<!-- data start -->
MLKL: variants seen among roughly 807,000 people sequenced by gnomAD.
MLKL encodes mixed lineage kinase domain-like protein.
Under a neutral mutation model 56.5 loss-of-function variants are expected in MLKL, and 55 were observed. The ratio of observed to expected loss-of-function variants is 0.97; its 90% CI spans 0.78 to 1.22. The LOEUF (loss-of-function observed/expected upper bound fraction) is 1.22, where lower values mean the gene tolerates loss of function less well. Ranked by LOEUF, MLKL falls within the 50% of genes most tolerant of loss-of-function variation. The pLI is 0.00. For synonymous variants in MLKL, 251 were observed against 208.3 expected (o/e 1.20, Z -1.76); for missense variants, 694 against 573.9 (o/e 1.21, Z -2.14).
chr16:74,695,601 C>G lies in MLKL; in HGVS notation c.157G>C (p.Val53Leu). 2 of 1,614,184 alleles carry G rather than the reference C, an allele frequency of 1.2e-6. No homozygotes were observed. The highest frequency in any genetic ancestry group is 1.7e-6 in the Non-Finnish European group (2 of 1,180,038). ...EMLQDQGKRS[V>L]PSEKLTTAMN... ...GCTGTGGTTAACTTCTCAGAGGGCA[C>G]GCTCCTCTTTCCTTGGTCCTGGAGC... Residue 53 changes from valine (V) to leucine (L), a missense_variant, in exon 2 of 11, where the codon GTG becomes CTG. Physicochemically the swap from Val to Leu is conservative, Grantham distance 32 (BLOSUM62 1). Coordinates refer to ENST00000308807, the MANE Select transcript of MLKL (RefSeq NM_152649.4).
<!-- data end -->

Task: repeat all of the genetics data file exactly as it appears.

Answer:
MLKL: variants seen among roughly 807,000 people sequenced by gnomAD.
MLKL encodes mixed lineage kinase domain-like protein.
Under a neutral mutation model 56.5 loss-of-function variants are expected in MLKL, and 55 were observed. The ratio of observed to expected loss-of-function variants is 0.97; its 90% CI spans 0.78 to 1.22. The LOEUF (loss-of-function observed/expected upper bound fraction) is 1.22, where lower values mean the gene tolerates loss of function less well. Ranked by LOEUF, MLKL falls within the 50% of genes most tolerant of loss-of-function variation. The pLI is 0.00. For synonymous variants in MLKL, 251 were observed against 208.3 expected (o/e 1.20, Z -1.76); for missense variants, 694 against 573.9 (o/e 1.21, Z -2.14).
chr16:74,695,601 C>G lies in MLKL; in HGVS notation c.157G>C (p.Val53Leu). 2 of 1,614,184 alleles carry G rather than the reference C, an allele frequency of 1.2e-6. No homozygotes were observed. The highest frequency in any genetic ancestry group is 1.7e-6 in the Non-Finnish European group (2 of 1,180,038). ...EMLQDQGKRS[V>L]PSEKLTTAMN... ...GCTGTGGTTAACTTCTCAGAGGGCA[C>G]GCTCCTCTTTCCTTGGTCCTGGAGC... Residue 53 changes from valine (V) to leucine (L), a missense_variant, in exon 2 of 11, where the codon GTG becomes CTG. Physicochemically the swap from Val to Leu is conservative, Grantham distance 32 (BLOSUM62 1). Coordinates refer to ENST00000308807, the MANE Select transcript of MLKL (RefSeq NM_152649.4).